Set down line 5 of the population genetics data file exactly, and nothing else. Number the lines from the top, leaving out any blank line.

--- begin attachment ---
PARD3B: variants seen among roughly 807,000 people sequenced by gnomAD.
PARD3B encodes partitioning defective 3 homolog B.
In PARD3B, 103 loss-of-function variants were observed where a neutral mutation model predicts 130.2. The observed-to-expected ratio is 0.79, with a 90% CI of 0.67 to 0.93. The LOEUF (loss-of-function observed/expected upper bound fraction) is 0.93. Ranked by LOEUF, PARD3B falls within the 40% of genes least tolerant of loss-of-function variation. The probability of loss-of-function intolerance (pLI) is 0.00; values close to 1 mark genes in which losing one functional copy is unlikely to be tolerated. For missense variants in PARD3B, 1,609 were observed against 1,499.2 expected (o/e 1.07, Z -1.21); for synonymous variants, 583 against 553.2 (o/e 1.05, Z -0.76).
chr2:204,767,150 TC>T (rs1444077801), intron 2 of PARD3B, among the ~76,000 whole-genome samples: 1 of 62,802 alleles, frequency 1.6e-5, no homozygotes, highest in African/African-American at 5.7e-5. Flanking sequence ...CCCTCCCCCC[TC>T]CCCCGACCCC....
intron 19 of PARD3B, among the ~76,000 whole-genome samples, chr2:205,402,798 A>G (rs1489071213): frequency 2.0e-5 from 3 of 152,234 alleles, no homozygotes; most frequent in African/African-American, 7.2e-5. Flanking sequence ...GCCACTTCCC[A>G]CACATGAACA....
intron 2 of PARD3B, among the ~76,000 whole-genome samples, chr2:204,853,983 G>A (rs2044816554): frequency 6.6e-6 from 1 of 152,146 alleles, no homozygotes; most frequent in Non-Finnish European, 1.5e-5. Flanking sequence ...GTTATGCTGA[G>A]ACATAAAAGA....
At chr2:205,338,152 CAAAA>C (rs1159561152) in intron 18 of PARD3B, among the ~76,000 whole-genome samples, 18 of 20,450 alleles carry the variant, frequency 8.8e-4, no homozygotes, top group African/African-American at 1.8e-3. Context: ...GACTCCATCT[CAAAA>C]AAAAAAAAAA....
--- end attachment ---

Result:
intron 19 of PARD3B, among the ~76,000 whole-genome samples, chr2:205,402,798 A>G (rs1489071213): frequency 2.0e-5 from 3 of 152,234 alleles, no homozygotes; most frequent in African/African-American, 7.2e-5. Flanking sequence ...GCCACTTCCC[A>G]CACATGAACA....